Everyone knows the old adage about watching what you say around kids. Well I’m here to tell you to watch how you say it! A recent observation has put a whole new spin on how I interact with and around my children, as they often pick up not just what I say, but how I say it.
Initially when the girls did not listen, I tended to raise my voice a little and put on a stern tone. Soon after, R and L started raising their voices when they felt like their demands were being ignored. The speed with which they adopted our behaviors was fascinating.
When one of our pups was in trouble, Jacque would call out, “Herr-meeees,” giving him a clear indication that he was in trouble. We should have realized that R, our little orator, would be able to distinguish the nuances of speech early on. It wasn’t long before R would call out in her little voice, “Herr-meeees,” anytime that Hermes wouldn’t listen, and Jacque and I began to understand just how quickly the girls picked up on context.
We also realized how harsh some of our words sounded after coming out of the mouth of a two year old. After the 100th time of telling your toddler to, “Move please. Move please. Move please,” it tends to come out a little more like, “MOVE!” Somehow the girls seem to only imitate us when we have reached our limits, and when someone is in their way, they’ll hold their hands out firmly and holler, “MOVE!” So we’ve been working on remaining patient for longer, hoping the girls will imitate our calm voice.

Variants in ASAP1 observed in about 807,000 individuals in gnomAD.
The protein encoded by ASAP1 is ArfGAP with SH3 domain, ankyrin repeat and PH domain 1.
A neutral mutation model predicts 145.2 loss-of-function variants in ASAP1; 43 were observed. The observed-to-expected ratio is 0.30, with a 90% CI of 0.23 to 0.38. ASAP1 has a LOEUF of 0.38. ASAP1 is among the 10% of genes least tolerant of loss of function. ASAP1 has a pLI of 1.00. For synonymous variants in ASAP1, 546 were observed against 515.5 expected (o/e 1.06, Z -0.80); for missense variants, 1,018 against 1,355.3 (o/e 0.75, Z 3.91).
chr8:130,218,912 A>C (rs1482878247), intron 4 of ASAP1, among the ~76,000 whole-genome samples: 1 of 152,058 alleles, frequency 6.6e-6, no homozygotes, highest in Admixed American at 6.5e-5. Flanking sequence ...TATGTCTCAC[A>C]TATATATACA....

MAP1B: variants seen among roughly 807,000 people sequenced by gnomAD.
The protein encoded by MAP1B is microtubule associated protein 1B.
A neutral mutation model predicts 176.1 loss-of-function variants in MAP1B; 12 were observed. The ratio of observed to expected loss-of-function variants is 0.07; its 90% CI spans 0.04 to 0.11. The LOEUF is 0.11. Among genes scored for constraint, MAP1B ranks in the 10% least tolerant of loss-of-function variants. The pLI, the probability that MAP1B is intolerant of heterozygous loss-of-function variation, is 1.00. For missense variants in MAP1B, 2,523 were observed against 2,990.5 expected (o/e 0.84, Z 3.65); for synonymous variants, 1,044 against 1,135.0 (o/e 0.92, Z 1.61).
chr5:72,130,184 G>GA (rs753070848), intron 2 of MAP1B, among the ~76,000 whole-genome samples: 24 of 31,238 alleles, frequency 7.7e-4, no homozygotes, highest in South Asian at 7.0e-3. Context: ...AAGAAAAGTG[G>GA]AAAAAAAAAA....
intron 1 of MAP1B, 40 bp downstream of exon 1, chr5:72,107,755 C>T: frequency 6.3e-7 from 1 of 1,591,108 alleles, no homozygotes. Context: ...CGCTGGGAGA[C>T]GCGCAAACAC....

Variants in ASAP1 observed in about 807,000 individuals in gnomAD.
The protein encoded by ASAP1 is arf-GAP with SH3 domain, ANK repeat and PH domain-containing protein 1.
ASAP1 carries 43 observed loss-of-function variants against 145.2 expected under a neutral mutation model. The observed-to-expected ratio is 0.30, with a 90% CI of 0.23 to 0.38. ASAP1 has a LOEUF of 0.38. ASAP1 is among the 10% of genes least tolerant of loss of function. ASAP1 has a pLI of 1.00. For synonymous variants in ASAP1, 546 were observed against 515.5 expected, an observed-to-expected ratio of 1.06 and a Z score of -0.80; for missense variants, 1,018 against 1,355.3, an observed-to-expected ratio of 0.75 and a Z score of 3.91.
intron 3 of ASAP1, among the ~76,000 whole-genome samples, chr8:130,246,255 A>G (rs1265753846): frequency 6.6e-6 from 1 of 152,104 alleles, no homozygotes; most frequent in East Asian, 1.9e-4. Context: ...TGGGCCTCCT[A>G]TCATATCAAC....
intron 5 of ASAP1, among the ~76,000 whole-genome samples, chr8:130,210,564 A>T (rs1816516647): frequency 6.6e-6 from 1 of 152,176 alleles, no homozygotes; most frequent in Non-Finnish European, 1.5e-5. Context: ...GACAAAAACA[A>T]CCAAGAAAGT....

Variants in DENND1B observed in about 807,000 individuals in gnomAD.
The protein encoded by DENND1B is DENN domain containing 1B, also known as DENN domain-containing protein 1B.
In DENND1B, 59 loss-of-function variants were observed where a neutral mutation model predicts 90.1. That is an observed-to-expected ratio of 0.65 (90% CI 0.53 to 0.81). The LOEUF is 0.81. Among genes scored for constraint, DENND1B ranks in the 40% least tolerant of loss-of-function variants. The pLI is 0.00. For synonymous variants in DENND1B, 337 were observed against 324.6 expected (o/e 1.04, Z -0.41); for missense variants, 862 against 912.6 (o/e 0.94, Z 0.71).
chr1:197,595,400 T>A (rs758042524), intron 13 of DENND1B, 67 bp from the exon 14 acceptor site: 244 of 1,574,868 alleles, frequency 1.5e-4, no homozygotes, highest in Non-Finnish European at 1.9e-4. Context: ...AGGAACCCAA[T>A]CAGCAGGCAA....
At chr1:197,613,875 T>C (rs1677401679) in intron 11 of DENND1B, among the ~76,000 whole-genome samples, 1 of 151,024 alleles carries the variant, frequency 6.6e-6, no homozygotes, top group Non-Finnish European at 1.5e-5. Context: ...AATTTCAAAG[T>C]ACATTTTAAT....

Not only do our girls mimic how we pronounce words and phrases, they’ve taken on our mannerisms as well. On Monday I would stomp my leg in frustration, by Tuesday the girls were stomping their feet if they didn’t get their way. From phrases to mannerisms, the girls even mimicked the sighs of frustration we would let out.
Although we discouraged the girls from mirroring some of our behaviors, we understood that ultimately, we were responsible. Instead of just punishing the girls for their behaviors, we chose to monitor our own. Time out has been an effective way of attaching consequences to actions and simultaneously giving everyone a little cool off time. It eliminated the need to raise our voices or get angry; we simply refer the girls to time out for them to calm down.
As always, your child and her behavior can be a lesson in disguise. We chose to listen and watch how we say things, and we can see our girls making changes. We all know that, “Act as I say, not as I do,” is ineffective. We have to change our own actions, if we want our children to change theirs.